Europe didn't start a land war in Asia. And it didn't go up against a Sicilian when death was on the line. But it still fell victim to one of the classic blunders: it joined a monetary union with Germany.
And now, as the European Central Bank (ECB) is about to cut rates into negative territory, it's paying the political price.
Ever since it's cash-in-a-wheelbarrow Weimar days, Germany has been an inflation hawk über alles. That's been good enough for Germany, but bad for countries that have outsourced their monetary policy to Germany despite needing lower rates themselves. Britain made this mistake when it pegged the pound to the deutsche mark as part of the European Exchange Rate Mechanism in 1990. But when speculators, led by George Soros, pushed the pound down, Britain decided that the ERM wasn't worth the deep recession that raising rates enough would cost.
Europe faces the same dilemma today, only worse. See, joining the euro means ceding control of monetary policy to the German-influenced ECB. That's a problem, because almost all of the eurozone economies, not just the crisis countries, need easier money than Germany. But they can't ditch the euro as easily as Britain ditched the ERM, because bringing back their old currencies would set off the mother-of-all bank runs, as people tried to move their money from countries where it would get devalued to ones where it wouldn't. So Europe is stuck trying to convince Germany to let the ECB do more—which isn't easy.
In fact, that's been the whole story of the euro crisis. Germany has forced countries to try to cut their way back to health, and, as Peter Spiegel extensively reports, only allowed the ECB to do what was needed all along when the alternative was a financial crisis. But Germany has been even more reluctant to allow the ECB to do what is needed now despite Europe's slow-moving economic crisis.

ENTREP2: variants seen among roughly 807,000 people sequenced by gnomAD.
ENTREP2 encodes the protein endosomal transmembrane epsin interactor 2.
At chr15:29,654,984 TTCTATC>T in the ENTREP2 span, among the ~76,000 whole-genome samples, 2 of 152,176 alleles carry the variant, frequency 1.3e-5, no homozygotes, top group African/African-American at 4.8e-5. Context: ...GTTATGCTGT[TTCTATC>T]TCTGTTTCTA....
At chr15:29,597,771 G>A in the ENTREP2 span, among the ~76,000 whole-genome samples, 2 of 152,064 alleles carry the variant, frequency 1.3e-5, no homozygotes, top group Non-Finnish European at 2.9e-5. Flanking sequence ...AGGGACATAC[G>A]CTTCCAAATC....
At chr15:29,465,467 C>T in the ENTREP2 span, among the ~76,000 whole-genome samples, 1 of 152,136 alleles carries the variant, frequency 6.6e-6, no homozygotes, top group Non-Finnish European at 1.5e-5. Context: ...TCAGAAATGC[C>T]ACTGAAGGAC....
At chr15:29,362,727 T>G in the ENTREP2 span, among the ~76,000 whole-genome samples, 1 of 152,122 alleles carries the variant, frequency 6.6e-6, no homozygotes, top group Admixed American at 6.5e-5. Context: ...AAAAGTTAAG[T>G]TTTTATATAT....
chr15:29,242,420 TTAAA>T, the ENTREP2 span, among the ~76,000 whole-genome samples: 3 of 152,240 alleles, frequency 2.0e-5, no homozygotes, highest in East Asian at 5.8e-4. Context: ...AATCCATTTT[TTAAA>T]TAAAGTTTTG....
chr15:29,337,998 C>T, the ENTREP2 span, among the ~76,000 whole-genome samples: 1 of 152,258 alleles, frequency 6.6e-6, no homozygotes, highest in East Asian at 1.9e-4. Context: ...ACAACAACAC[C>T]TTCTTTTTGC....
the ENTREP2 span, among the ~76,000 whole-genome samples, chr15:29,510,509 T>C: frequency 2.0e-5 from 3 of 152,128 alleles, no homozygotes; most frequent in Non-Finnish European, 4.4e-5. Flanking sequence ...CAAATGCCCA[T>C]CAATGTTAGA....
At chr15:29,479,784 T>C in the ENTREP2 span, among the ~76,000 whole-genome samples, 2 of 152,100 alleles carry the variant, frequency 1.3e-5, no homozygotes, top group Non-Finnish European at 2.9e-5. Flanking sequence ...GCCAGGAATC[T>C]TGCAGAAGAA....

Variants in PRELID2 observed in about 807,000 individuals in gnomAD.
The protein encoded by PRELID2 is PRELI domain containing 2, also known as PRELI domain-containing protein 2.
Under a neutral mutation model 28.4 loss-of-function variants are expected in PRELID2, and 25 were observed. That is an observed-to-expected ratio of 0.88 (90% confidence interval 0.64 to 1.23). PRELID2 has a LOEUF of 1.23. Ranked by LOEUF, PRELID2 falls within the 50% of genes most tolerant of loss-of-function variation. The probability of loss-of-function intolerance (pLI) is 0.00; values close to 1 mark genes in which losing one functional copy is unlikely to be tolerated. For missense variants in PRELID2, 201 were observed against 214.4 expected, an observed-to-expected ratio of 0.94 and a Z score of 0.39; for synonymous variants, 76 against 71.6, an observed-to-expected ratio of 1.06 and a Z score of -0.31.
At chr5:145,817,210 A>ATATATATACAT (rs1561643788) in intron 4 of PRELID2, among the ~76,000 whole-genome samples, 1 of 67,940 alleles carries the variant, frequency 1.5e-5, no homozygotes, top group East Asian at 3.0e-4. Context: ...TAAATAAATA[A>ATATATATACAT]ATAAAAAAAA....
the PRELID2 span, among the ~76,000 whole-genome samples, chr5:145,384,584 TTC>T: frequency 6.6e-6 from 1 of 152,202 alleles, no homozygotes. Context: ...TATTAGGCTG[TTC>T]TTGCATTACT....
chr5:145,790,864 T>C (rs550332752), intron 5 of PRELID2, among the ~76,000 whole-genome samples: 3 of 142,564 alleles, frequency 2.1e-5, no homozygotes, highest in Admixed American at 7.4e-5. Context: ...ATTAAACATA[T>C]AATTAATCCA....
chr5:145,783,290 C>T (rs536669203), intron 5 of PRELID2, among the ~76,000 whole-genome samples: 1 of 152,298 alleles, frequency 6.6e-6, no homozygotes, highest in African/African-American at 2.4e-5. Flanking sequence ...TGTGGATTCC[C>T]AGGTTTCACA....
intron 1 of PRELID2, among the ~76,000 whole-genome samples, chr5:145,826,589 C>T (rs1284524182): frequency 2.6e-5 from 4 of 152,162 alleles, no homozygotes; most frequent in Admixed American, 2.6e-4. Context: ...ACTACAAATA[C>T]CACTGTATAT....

It's called "lowflation," and it's crippling Europe. It's, simply enough, inflation that's well below target. Now, there's a common misconception that low, positive inflation is alright, but low, negative inflation is the end of the world. As the IMF points out, though, these are continuum of the same problem. See, it doesn't really matter whether prices aren't rising enough or are actually falling. In either case, it's harder to pay back debts, harder for real wages to adjust, and harder for countries to regain competitiveness. Of course, deflation is worse than lowflation, but not so much that we should fear the former and not the latter. We should fear them both.
The ECB has made the mistake of letting inflation fall to just 0.5 percent. That's why real borrowing costs, at least for businesses, have risen even as headline borrowing costs have fallen. You can see this passive, yet destructive, monetary tightening in the chart below from the Council on Foreign Relations. It looks at what German and Spanish companies have had to pay to borrow in both inflation-adjusted and unadjusted terms since the crisis hit. Nominal rates fell a little after ECB chief Mario Draghi promised to do "whatever it takes" to save the euro. But real interest rates, which are the ones that matter, have risen since then, because inflation has fallen more than headline rates have.
This isn't just a Spanish or an Italian or a Portuguese or a Greek problem. It's a European problem. Lowflation, together with austerity, have sent unemployment up even in "core" countries like France, Finland, and the Netherlands. That's why Euroskeptic parties outside of the crisis countries, such as Marine Le Pen's National Front, did so well in the recent European Parliament elections. They aren't happy just to be in the euro. They feel like they did nothing wrong to deserve their trouble now, and they're starting to blame the eurocrats in Brussels for their problems.
In other words, the ECB has won the financial war for the euro, but it hasn't won the political peace. It will take a real recovery to do that, and that means reversing their Japanese-style slide toward deflation.
As a first step, the ECB is expected to start charging banks to hold money with them overnight, which should help weaken the too-strong euro and increase inflation a bit. But that's only a first step. At some point—and the sooner the better—it's going to need to do what Germany really doesn't want to do, and start buying bonds with new euros. If it doesn't, Europe's growth will stay in neutral, and its anti-euro politics might accelerate.
The only way to save the euro is to print more of them.